18. Building a sense of team  Company sponsored activities  Community involvement  Individual volunteerism  Collaborate with co-workers to promote a positive work environment  Clear objectives that the team is all striving to achieve
  19. Recognition / Celebration  Employee recognition programs  On the spot awards  Mid level awards  Key contributor awards.  During team meetings thanking individuals or teams for a job well done.  Service awards  Site celebrations
  20. Proactive Human resources  Higher HR involvement  Drive people planning cycle  Enhance, motivate and retain are most important asset – people  Drive performance and profitability
  21. Measure Progress  Conduct organizational climate surveys to understand if the employee satisfaction objectives are met.  Use the findings of the survey to improve organization culture and become employer of choice.  Conduct such surveys on a yearly basis
  22. Pieces come together
  23. These elements will drive up employee engagement
  24. “Things that matter to Employees that most Companies must sermon!”  Feeling appreciated for the work they do.  Not working in a stressful environment  Being valued and respected within the organization.  Career opportunities for advancement within the organization.  The organization effectively utilizes employee’s knowledge and skills.
  25. Plug HR creates awesome ventures!!!

Notas del editor

  1. Pallavi says: Hello and good morning everyone! How many of you are hungry? How many of you haven’t had breakfast yet? Well, here’s the menu for the day!
  2. Pallavi says Bon Appetit!!! What is your understanding of employee engagement? Any thoughts
  3. Pallavi says: I want to
  4. Any guesses?
  5. Pallavi says: A study by the Gallup organization revealed that 17% of us are actively disengaged at work, while 29% love our jobs and are actively engaged at work. Interestingly enough, a whopping 54% of us are doing just enough to get by.. We’re just here for a pay check. Gallup in practical terms less than 1/3 of employees were committed to the companys success. As supervisors and managers, which group should we be focused on? Yep, that’s right. The middle group. They could go either way. We want to motivate them to the “engaged” group.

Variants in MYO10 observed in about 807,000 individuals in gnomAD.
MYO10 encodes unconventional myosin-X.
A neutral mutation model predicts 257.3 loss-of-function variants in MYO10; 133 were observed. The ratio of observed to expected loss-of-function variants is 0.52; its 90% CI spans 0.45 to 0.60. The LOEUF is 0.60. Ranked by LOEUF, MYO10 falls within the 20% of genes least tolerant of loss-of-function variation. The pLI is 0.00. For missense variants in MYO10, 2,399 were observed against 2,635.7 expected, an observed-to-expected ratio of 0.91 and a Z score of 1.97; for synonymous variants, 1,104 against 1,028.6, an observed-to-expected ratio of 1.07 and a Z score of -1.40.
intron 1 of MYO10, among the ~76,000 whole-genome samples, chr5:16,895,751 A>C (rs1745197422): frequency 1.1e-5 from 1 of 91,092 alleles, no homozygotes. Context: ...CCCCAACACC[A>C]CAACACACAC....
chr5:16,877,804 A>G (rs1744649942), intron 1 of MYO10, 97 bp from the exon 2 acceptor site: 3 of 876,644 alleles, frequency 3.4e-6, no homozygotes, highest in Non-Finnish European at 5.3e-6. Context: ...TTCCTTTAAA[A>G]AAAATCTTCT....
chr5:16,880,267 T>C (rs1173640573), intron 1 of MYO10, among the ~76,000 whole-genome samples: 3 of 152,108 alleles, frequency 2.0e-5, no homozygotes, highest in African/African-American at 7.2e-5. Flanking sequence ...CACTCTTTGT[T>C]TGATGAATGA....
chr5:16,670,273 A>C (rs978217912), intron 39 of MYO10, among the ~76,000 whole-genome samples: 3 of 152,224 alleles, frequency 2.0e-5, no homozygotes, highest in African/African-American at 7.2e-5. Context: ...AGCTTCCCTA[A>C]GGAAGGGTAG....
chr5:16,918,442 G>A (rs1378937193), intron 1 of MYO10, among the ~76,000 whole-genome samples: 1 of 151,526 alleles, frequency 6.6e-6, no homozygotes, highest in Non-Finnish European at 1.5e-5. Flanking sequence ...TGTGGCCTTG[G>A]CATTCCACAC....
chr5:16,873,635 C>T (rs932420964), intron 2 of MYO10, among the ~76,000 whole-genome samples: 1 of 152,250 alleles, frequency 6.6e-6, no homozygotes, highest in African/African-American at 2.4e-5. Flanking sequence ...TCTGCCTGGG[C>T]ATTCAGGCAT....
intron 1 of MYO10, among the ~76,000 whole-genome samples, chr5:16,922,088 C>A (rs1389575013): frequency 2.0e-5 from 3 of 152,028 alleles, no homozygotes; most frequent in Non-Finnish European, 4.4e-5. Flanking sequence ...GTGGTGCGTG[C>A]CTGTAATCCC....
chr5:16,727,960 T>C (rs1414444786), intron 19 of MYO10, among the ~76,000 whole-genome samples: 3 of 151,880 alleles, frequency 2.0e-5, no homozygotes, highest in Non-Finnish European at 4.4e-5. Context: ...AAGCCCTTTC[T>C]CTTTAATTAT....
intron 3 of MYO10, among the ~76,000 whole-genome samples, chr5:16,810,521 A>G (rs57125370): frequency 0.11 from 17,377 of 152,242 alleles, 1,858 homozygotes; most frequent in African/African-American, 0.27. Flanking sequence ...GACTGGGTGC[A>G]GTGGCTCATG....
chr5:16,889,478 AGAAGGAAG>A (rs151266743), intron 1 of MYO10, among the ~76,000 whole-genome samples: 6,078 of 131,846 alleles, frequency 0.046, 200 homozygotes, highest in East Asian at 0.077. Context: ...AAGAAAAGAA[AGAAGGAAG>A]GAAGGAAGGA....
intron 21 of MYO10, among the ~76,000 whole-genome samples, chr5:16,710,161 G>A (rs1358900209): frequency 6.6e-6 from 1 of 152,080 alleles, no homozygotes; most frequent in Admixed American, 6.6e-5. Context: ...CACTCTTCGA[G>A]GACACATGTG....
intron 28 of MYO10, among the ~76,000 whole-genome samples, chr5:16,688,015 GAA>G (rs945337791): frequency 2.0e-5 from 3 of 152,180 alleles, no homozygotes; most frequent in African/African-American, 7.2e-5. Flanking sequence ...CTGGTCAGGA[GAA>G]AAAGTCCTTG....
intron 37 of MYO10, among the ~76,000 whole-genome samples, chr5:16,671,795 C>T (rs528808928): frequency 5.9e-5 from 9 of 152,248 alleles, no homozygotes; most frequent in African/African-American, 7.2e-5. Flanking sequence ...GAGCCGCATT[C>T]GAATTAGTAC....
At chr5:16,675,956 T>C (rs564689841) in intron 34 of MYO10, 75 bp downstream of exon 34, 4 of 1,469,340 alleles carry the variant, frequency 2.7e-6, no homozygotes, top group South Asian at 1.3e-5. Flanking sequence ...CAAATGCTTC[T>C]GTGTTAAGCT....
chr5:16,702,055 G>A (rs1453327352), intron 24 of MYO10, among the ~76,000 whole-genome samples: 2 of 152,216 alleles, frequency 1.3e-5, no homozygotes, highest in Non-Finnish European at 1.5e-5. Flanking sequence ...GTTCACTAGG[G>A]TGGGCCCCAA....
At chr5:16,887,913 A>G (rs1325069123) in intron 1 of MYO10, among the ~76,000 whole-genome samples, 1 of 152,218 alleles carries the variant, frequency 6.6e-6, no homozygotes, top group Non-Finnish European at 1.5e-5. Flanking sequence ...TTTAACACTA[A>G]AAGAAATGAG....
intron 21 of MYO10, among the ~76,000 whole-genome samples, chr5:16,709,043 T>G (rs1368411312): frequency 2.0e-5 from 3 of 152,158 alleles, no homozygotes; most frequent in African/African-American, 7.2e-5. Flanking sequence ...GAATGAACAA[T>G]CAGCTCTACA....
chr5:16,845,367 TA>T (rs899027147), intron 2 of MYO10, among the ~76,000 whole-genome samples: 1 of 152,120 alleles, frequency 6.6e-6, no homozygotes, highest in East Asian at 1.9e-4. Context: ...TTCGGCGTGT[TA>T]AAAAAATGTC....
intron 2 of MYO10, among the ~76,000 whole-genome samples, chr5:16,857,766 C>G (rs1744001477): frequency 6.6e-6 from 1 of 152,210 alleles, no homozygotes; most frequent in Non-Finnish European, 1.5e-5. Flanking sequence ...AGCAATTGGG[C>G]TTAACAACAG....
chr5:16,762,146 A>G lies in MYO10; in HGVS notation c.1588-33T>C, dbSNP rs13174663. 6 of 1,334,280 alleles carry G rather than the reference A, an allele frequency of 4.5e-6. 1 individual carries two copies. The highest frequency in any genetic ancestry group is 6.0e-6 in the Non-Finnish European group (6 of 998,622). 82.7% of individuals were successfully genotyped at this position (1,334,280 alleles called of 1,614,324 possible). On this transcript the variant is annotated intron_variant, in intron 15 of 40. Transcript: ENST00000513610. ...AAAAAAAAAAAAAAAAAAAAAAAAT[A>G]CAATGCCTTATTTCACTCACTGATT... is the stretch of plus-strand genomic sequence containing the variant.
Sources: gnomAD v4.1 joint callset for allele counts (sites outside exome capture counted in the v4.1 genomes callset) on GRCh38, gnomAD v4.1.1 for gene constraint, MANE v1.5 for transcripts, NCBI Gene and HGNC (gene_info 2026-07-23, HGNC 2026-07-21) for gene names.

6. Pallavi scribbles: Organizational DNA is a metaphor for the underlying factors that together define an organization’s “personality” and help explain its performance. Organizational culture is the sum total of an organization’s past and current assumptions, experiences, philosophy, and values that hold it together, and are expressed in its self-image, inner workings, interactions with the outside world, and future expectations. It is based on shared attitudes, beliefs, customs, express or implied contracts, and written and unwritten rules that the organization develops over time and that have worked well enough to be considered valid. (Hofstede, 1987) Culture is the glue that binds our communities, organizations, groups and families together.  A positive culture tends to be nurturing, democratic and progressive.  When a culture is in positive mode it nurtures and values the contributions of its members; as a result ideas grow and flourish.  A positive culture is flexible to change and adapts to meet the needs of its members in a dynamic and constantly changing world.  With the combined energy of all its members, a positive culture can actively pursue the challenges of the future.  A negative culture tends to be oppressive and destructive.  Members exploit and attack each other, suppressing creativity and communication.  This exploitation results in negative reactions from those being exploited. These negative reactions show up as anarchistic behaviors with chaotic results. With the majority of its focus turned inward, the negative culture can't anticipate the future and is often surprised by it. In reality, what management pays attention to and rewards is often the strongest indicator of the organization's culture. This is often quite different than the values it verbalizes or the ideals it strives for. Think for a minute about the organization in which you work. Does your management encourage or discourage innovation and risk taking? Does it reward employees for coming up with new ideas and challenging old ways of doing things or punish those who challenge established norms and practices? Do mavericks fit in or do they get pushed out? Is rapid change the norm in your organization or does management vigorously protect the status quo? Does the organization truly value excellence or is the mentality simply "just ship it"? Does management pay attention to the wellbeing of its employees or is it completely focused on task performance and profits? Does a high level of employee participation characterize the culture or does senior management make most decisions? In short, our culture is “the way we do things around here”. Keep in mind that the culture of your organization as a whole may or may not be the culture of your own company /client company or even your own team! It is often the case that when a group of individuals work closely together they form their own culture, their own way of doing things around here So as you ask yourself the questions about your organization’s culture, ask those same questions about your own company/client company and/or the team you manage/supervise. Transition: How do you know what your culture is? Here are a few tools/exercises to help you define your own culture or get more clarity around it…